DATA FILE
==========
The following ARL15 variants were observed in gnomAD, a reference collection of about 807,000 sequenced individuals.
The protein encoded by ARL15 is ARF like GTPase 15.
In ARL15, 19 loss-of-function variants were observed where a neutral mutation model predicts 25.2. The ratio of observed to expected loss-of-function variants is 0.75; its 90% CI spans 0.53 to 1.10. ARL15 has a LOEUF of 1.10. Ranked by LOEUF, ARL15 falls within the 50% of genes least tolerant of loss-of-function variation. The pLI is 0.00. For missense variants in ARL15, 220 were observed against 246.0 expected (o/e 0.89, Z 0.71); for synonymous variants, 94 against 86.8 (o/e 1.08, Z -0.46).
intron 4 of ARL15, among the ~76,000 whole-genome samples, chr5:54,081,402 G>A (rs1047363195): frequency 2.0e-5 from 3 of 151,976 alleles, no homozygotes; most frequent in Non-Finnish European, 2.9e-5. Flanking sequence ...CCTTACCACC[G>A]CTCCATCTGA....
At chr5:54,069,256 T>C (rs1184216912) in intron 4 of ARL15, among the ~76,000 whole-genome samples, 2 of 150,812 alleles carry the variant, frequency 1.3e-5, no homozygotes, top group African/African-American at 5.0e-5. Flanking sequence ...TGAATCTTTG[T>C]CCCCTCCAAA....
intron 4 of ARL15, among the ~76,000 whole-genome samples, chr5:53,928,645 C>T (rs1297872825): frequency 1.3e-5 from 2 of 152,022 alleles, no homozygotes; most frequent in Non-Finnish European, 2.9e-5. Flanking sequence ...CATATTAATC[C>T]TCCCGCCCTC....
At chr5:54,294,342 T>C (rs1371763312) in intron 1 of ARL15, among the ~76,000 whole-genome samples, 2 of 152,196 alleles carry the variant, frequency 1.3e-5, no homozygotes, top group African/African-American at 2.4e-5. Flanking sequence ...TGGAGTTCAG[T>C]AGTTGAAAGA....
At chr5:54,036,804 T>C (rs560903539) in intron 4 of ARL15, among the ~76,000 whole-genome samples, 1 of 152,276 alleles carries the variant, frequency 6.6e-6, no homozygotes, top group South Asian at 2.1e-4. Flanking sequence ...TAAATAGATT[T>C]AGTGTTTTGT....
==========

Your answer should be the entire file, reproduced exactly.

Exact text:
The following ARL15 variants were observed in gnomAD, a reference collection of about 807,000 sequenced individuals.
The protein encoded by ARL15 is ARF like GTPase 15.
In ARL15, 19 loss-of-function variants were observed where a neutral mutation model predicts 25.2. The ratio of observed to expected loss-of-function variants is 0.75; its 90% CI spans 0.53 to 1.10. ARL15 has a LOEUF of 1.10. Ranked by LOEUF, ARL15 falls within the 50% of genes least tolerant of loss-of-function variation. The pLI is 0.00. For missense variants in ARL15, 220 were observed against 246.0 expected (o/e 0.89, Z 0.71); for synonymous variants, 94 against 86.8 (o/e 1.08, Z -0.46).
intron 4 of ARL15, among the ~76,000 whole-genome samples, chr5:54,081,402 G>A (rs1047363195): frequency 2.0e-5 from 3 of 151,976 alleles, no homozygotes; most frequent in Non-Finnish European, 2.9e-5. Flanking sequence ...CCTTACCACC[G>A]CTCCATCTGA....
At chr5:54,069,256 T>C (rs1184216912) in intron 4 of ARL15, among the ~76,000 whole-genome samples, 2 of 150,812 alleles carry the variant, frequency 1.3e-5, no homozygotes, top group African/African-American at 5.0e-5. Flanking sequence ...TGAATCTTTG[T>C]CCCCTCCAAA....
intron 4 of ARL15, among the ~76,000 whole-genome samples, chr5:53,928,645 C>T (rs1297872825): frequency 1.3e-5 from 2 of 152,022 alleles, no homozygotes; most frequent in Non-Finnish European, 2.9e-5. Flanking sequence ...CATATTAATC[C>T]TCCCGCCCTC....
At chr5:54,294,342 T>C (rs1371763312) in intron 1 of ARL15, among the ~76,000 whole-genome samples, 2 of 152,196 alleles carry the variant, frequency 1.3e-5, no homozygotes, top group African/African-American at 2.4e-5. Flanking sequence ...TGGAGTTCAG[T>C]AGTTGAAAGA....
At chr5:54,036,804 T>C (rs560903539) in intron 4 of ARL15, among the ~76,000 whole-genome samples, 1 of 152,276 alleles carries the variant, frequency 6.6e-6, no homozygotes, top group South Asian at 2.1e-4. Flanking sequence ...TAAATAGATT[T>C]AGTGTTTTGT....